Many parents struggle with how to explain puberty to their children and how much information is necessary to include, preferring to use the metaphor of the Birds and the Bees than to talk openly about sexual development. For preteens with high-functioning autism going through puberty, they are less likely to understand that the Birds and the Bees are symbolic for their own journey and may have more questions about what is happening to their bodies.
Problems Dealing with Physical Changes
Everyone’s body changes during puberty as they transition to adult bodies, but it is hard for children that are less emotionally and socially mature. In addition to changing bodies, puberty is associated with the development of sexual feelings and social challenges. For many autistic children, puberty can be very overwhelming and confusing. Children with autism struggle with transitions and changes in their routine and understanding that some of their experiences are shared with others. Hormonal changes may trigger sensory overstimulation and social changes may lead to increased difficulty with social cues and social interactions. This instability in the routines they’ve gotten used to can contribute to lower self-esteem and higher anxiety.
When is it Appropriate to Start the Conversation?
Although middle school is assumed to be when puberty takes place, the start of puberty can range from 8-13 years old in girls and 9-14 years old in boys. It usually starts 1-2 years before a girl’s first period or a boy’s first ejaculation with the production of sex hormones, a growth spurt, and the development of body hair. When approaching the topic of puberty with autistic pre-teens, these guidelines may be helpful in helping them make sense of the process.
Don’t wait for them to ask you about it. It is important that kids are given some advance warning that puberty is an inevitable transition that they will go through. Even if you worry that they might not be mature enough to fully understand what it means, it is better that it is introduced to them before they start to panic about the physical changes they are experiencing. They may feel ashamed about the experience and may be unwilling to talk about it if they think there is something wrong with them.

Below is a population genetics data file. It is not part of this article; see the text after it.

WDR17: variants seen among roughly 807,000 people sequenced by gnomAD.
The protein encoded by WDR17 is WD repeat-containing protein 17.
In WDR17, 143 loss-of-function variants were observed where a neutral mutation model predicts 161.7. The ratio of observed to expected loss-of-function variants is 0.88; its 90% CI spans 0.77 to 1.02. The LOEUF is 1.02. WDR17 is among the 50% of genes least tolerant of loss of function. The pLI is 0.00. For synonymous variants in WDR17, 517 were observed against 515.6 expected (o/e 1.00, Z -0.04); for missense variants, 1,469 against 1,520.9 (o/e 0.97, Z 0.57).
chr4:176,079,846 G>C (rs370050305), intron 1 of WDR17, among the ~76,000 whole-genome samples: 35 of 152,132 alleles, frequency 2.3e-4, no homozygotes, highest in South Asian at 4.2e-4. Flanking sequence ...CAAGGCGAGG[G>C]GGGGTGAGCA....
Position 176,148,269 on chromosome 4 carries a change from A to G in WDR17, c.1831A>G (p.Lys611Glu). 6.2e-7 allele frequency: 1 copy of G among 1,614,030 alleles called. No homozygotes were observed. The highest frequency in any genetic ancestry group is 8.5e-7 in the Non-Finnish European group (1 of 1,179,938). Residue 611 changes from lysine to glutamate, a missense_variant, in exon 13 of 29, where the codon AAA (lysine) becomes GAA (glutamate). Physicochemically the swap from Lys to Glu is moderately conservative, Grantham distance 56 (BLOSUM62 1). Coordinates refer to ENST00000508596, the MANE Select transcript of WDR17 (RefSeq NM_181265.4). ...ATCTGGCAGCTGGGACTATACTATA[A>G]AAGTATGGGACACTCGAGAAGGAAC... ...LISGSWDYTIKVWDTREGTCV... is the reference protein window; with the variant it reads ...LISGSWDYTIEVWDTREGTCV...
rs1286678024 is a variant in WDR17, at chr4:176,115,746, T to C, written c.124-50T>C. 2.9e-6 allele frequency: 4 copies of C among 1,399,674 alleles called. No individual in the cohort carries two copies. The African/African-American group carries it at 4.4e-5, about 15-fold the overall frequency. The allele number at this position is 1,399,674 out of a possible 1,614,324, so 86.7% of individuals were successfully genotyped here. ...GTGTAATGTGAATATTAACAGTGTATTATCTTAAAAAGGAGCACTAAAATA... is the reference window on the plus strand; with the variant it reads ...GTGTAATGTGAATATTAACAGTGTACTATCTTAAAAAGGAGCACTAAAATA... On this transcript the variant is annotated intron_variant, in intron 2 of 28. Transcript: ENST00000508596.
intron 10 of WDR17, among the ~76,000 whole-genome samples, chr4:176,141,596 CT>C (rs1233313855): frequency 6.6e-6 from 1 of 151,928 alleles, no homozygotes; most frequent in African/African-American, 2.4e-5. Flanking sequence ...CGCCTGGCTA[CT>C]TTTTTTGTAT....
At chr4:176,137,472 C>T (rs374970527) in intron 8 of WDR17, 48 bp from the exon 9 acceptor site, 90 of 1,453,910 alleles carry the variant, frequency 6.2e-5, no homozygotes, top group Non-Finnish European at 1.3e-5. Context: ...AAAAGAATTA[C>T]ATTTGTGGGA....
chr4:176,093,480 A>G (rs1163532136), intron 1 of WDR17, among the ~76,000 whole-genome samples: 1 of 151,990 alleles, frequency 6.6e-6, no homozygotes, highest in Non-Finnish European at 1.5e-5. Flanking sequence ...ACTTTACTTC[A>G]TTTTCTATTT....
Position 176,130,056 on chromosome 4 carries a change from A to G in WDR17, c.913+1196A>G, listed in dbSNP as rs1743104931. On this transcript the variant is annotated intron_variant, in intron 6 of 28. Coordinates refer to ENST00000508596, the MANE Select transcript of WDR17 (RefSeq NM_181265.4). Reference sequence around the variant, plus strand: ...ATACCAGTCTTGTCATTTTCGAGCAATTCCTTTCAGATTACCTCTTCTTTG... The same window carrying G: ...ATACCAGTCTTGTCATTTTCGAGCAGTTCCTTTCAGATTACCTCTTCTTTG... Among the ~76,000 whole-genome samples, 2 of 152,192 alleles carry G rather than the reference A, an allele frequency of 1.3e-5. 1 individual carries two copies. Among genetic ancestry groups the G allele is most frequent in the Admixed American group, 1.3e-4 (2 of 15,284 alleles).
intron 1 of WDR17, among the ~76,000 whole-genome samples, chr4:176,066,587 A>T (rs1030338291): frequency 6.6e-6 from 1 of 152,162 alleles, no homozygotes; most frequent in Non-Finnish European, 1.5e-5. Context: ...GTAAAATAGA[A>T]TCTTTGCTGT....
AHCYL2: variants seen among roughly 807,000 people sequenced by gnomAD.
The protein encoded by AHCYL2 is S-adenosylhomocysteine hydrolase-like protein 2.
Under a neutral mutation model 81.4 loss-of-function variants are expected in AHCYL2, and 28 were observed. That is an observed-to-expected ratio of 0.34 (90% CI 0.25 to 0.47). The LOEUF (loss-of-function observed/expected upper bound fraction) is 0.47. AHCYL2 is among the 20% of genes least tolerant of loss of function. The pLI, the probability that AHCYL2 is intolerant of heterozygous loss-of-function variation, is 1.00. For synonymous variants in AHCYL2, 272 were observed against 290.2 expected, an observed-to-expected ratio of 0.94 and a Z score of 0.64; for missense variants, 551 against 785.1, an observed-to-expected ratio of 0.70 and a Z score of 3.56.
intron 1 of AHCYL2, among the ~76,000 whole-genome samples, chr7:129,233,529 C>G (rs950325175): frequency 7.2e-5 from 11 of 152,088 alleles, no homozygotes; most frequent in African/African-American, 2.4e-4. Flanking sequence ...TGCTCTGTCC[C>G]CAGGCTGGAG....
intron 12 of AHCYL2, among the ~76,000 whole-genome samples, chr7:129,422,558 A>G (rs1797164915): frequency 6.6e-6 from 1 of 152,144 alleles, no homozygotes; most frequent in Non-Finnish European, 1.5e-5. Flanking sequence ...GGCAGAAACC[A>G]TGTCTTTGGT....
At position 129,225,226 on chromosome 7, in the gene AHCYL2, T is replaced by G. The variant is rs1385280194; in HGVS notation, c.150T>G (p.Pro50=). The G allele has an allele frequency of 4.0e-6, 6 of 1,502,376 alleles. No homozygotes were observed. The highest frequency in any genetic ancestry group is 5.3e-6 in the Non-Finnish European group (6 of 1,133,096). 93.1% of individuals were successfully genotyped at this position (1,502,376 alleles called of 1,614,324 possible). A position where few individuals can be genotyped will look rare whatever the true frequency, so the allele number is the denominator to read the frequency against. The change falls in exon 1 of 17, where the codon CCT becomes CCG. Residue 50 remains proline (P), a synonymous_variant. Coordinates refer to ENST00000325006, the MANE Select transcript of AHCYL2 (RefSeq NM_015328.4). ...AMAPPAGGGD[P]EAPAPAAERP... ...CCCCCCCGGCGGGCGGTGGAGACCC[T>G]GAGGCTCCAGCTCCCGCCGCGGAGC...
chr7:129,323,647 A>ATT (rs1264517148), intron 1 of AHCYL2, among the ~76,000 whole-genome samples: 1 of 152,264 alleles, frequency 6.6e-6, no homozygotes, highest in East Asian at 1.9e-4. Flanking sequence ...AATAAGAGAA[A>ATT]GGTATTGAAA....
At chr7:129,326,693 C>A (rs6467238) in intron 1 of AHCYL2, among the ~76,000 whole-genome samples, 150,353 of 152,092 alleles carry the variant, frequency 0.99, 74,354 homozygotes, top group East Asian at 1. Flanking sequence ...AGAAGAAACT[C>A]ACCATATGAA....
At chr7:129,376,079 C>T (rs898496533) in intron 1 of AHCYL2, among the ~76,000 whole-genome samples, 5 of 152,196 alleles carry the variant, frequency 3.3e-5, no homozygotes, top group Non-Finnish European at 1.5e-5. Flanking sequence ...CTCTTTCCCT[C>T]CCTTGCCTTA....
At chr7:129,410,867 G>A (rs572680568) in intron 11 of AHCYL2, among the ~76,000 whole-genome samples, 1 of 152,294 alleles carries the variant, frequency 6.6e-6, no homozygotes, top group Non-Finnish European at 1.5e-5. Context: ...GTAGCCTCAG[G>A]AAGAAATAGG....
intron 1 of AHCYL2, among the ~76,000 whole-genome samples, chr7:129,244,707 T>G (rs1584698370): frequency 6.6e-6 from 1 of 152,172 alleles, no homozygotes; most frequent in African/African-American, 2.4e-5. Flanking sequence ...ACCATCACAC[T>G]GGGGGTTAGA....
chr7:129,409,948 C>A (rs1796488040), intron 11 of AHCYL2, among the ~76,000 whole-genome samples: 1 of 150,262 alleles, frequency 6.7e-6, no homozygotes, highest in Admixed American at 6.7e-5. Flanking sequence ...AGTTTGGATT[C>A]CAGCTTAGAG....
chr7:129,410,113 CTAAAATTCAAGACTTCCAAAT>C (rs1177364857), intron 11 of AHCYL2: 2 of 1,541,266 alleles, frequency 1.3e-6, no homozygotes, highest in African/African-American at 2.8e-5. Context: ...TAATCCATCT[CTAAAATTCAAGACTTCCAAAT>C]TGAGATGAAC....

Reassure them that puberty is normal, but that so is insecurity. While teenagers with autism may be more likely to struggle with accepting their new body and feeling out of touch with their identity, most teenagers feel insecure about their changing bodies and growing awareness of sexuality. Puberty is a universal process, but it happens at different times and varies in lengths for everyone. It is common for teenagers to compare their changing bodies to their peers; however, there is no standard “final outcome” for puberty based on body shape and size.
Keep the discussion open. As puberty can be a lengthy and gradual process, conversations about it should grow along with your child. Instead of dropping some fact bombs and not bringing it up again, remind them that you are always there to answer any questions they might have or to talk about their experiences. The questions they might ask may become more specific over time and will require more in-depth or honest answers than they were prepared to handle at a younger age. Children with Autism may need more time to process and understand these changes.
Adjust the stories you tell to accommodate their level of understanding. This does not mean withholding information, minimizing the impact, or lying about what the process may look like. Give them the correct information, but consider how what might help them process it more easily. This could include being careful about how you describe certain changes that may sound intimidating, using simpler language, offering visual representations, incorporating social stories, and offering to look up resources together.
Emphasize social and emotional changes as well as physical changes. Social expectations become intensified in adolescence due to increase in romantic interest and formation of cliques. Teens with autism may struggle more with understanding these changes and connecting to peers. Their interests may come across as more child-like and they may feel more socially isolated. Hormonal changes in puberty can lead to mood swings and difficulty regulating emotions. Feelings of depression and anxiety may increase during this period, although signs may be expressed differently in teens with autism as increased irritability, changes in eating and sleeping patterns, and disconnect from their emotions.
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